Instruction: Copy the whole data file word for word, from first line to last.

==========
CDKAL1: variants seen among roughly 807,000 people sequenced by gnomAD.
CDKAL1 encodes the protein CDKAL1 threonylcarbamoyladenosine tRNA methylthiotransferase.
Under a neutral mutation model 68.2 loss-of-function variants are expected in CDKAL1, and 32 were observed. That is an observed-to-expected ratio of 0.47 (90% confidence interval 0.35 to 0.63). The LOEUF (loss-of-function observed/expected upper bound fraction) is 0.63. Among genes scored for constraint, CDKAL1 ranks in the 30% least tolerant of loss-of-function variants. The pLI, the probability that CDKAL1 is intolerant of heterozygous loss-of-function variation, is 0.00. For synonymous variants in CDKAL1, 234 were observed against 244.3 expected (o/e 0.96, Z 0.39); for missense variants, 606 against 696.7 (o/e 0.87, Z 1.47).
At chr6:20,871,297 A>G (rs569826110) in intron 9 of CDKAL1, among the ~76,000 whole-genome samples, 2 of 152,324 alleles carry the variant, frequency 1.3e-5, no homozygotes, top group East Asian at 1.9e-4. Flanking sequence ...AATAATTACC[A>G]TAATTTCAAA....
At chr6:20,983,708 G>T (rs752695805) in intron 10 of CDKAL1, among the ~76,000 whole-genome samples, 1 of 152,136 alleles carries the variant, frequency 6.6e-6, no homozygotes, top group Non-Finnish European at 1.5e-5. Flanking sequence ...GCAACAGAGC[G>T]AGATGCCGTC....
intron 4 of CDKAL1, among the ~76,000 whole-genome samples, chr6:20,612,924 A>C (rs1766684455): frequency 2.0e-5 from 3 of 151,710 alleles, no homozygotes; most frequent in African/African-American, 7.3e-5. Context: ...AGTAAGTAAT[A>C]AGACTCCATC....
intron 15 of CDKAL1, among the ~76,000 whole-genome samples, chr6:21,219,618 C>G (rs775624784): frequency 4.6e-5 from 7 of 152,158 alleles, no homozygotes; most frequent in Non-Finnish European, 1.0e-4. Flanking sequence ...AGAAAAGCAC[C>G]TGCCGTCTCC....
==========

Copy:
CDKAL1: variants seen among roughly 807,000 people sequenced by gnomAD.
CDKAL1 encodes the protein CDKAL1 threonylcarbamoyladenosine tRNA methylthiotransferase.
Under a neutral mutation model 68.2 loss-of-function variants are expected in CDKAL1, and 32 were observed. That is an observed-to-expected ratio of 0.47 (90% confidence interval 0.35 to 0.63). The LOEUF (loss-of-function observed/expected upper bound fraction) is 0.63. Among genes scored for constraint, CDKAL1 ranks in the 30% least tolerant of loss-of-function variants. The pLI, the probability that CDKAL1 is intolerant of heterozygous loss-of-function variation, is 0.00. For synonymous variants in CDKAL1, 234 were observed against 244.3 expected (o/e 0.96, Z 0.39); for missense variants, 606 against 696.7 (o/e 0.87, Z 1.47).
At chr6:20,871,297 A>G (rs569826110) in intron 9 of CDKAL1, among the ~76,000 whole-genome samples, 2 of 152,324 alleles carry the variant, frequency 1.3e-5, no homozygotes, top group East Asian at 1.9e-4. Flanking sequence ...AATAATTACC[A>G]TAATTTCAAA....
At chr6:20,983,708 G>T (rs752695805) in intron 10 of CDKAL1, among the ~76,000 whole-genome samples, 1 of 152,136 alleles carries the variant, frequency 6.6e-6, no homozygotes, top group Non-Finnish European at 1.5e-5. Flanking sequence ...GCAACAGAGC[G>T]AGATGCCGTC....
intron 4 of CDKAL1, among the ~76,000 whole-genome samples, chr6:20,612,924 A>C (rs1766684455): frequency 2.0e-5 from 3 of 151,710 alleles, no homozygotes; most frequent in African/African-American, 7.3e-5. Context: ...AGTAAGTAAT[A>C]AGACTCCATC....
intron 15 of CDKAL1, among the ~76,000 whole-genome samples, chr6:21,219,618 C>G (rs775624784): frequency 4.6e-5 from 7 of 152,158 alleles, no homozygotes; most frequent in Non-Finnish European, 1.0e-4. Flanking sequence ...AGAAAAGCAC[C>G]TGCCGTCTCC....